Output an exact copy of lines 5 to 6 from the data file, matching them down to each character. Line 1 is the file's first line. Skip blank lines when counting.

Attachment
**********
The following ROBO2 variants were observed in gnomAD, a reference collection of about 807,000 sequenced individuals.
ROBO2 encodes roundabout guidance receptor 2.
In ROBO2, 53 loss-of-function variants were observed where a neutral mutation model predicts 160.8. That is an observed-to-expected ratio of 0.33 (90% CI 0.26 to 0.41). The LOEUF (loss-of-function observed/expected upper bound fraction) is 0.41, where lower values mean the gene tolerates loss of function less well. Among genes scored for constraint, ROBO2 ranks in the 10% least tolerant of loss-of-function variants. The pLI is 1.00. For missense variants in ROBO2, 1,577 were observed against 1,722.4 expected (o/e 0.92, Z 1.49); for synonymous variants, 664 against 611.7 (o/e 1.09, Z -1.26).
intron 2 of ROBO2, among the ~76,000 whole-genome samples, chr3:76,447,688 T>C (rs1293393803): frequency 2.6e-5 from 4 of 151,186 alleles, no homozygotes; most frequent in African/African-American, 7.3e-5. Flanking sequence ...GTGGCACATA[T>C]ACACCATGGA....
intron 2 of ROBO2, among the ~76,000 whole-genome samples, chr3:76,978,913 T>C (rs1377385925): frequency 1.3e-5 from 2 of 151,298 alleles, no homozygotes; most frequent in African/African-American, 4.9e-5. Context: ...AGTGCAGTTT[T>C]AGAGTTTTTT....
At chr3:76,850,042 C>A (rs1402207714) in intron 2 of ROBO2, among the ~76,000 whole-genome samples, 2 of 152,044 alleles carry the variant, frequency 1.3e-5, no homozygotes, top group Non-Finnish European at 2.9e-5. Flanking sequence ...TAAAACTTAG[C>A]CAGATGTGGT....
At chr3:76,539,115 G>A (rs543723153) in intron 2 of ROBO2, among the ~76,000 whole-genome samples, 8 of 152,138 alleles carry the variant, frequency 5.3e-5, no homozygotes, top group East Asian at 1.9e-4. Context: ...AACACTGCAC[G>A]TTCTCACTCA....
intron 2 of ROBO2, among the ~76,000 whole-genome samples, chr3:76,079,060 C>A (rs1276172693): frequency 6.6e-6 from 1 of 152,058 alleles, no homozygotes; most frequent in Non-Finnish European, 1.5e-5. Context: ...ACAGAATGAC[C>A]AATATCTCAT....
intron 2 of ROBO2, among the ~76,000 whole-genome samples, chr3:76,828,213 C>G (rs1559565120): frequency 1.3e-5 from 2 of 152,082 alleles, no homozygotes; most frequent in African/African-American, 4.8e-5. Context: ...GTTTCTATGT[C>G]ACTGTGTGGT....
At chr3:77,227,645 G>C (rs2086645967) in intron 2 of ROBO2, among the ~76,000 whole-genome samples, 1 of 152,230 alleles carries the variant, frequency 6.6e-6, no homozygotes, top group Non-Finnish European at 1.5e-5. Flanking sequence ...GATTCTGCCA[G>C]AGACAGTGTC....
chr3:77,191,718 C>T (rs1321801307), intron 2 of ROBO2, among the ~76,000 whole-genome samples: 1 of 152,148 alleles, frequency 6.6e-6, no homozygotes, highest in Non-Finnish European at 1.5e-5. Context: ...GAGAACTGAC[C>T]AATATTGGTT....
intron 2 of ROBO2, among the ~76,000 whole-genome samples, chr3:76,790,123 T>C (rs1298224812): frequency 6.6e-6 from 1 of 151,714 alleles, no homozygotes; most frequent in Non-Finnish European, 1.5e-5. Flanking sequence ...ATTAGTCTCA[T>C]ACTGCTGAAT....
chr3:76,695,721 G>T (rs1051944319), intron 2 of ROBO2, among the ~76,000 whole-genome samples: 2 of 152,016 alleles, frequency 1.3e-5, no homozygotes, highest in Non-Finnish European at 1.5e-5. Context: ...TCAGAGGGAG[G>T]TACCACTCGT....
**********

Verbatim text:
intron 2 of ROBO2, among the ~76,000 whole-genome samples, chr3:76,978,913 T>C (rs1377385925): frequency 1.3e-5 from 2 of 151,298 alleles, no homozygotes; most frequent in African/African-American, 4.9e-5. Context: ...AGTGCAGTTT[T>C]AGAGTTTTTT....
At chr3:76,850,042 C>A (rs1402207714) in intron 2 of ROBO2, among the ~76,000 whole-genome samples, 2 of 152,044 alleles carry the variant, frequency 1.3e-5, no homozygotes, top group Non-Finnish European at 2.9e-5. Flanking sequence ...TAAAACTTAG[C>A]CAGATGTGGT....